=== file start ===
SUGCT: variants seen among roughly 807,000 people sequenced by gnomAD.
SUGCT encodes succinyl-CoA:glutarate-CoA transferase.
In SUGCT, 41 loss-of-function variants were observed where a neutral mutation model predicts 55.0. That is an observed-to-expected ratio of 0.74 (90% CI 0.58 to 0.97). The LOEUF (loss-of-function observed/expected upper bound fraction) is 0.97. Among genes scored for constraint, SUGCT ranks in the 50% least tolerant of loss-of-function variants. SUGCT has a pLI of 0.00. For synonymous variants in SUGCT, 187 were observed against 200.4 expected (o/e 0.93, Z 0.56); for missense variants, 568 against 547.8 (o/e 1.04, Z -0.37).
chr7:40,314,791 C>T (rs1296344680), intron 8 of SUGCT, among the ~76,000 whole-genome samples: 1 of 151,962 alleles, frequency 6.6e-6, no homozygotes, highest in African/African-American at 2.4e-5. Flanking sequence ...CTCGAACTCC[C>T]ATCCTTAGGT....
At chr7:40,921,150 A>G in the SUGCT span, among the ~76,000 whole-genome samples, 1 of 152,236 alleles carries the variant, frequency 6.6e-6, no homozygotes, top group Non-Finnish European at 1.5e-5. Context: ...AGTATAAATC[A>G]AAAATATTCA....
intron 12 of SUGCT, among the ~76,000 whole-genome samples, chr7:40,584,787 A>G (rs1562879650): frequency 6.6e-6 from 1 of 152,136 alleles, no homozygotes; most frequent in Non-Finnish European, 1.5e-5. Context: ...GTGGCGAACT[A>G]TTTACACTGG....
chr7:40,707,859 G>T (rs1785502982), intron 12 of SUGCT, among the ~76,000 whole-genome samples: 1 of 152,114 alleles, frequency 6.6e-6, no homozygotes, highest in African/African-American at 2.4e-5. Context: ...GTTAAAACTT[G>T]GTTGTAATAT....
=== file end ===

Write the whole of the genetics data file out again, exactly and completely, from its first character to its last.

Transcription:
SUGCT: variants seen among roughly 807,000 people sequenced by gnomAD.
SUGCT encodes succinyl-CoA:glutarate-CoA transferase.
In SUGCT, 41 loss-of-function variants were observed where a neutral mutation model predicts 55.0. That is an observed-to-expected ratio of 0.74 (90% CI 0.58 to 0.97). The LOEUF (loss-of-function observed/expected upper bound fraction) is 0.97. Among genes scored for constraint, SUGCT ranks in the 50% least tolerant of loss-of-function variants. SUGCT has a pLI of 0.00. For synonymous variants in SUGCT, 187 were observed against 200.4 expected (o/e 0.93, Z 0.56); for missense variants, 568 against 547.8 (o/e 1.04, Z -0.37).
chr7:40,314,791 C>T (rs1296344680), intron 8 of SUGCT, among the ~76,000 whole-genome samples: 1 of 151,962 alleles, frequency 6.6e-6, no homozygotes, highest in African/African-American at 2.4e-5. Flanking sequence ...CTCGAACTCC[C>T]ATCCTTAGGT....
At chr7:40,921,150 A>G in the SUGCT span, among the ~76,000 whole-genome samples, 1 of 152,236 alleles carries the variant, frequency 6.6e-6, no homozygotes, top group Non-Finnish European at 1.5e-5. Context: ...AGTATAAATC[A>G]AAAATATTCA....
intron 12 of SUGCT, among the ~76,000 whole-genome samples, chr7:40,584,787 A>G (rs1562879650): frequency 6.6e-6 from 1 of 152,136 alleles, no homozygotes; most frequent in Non-Finnish European, 1.5e-5. Context: ...GTGGCGAACT[A>G]TTTACACTGG....
chr7:40,707,859 G>T (rs1785502982), intron 12 of SUGCT, among the ~76,000 whole-genome samples: 1 of 152,114 alleles, frequency 6.6e-6, no homozygotes, highest in African/African-American at 2.4e-5. Context: ...GTTAAAACTT[G>T]GTTGTAATAT....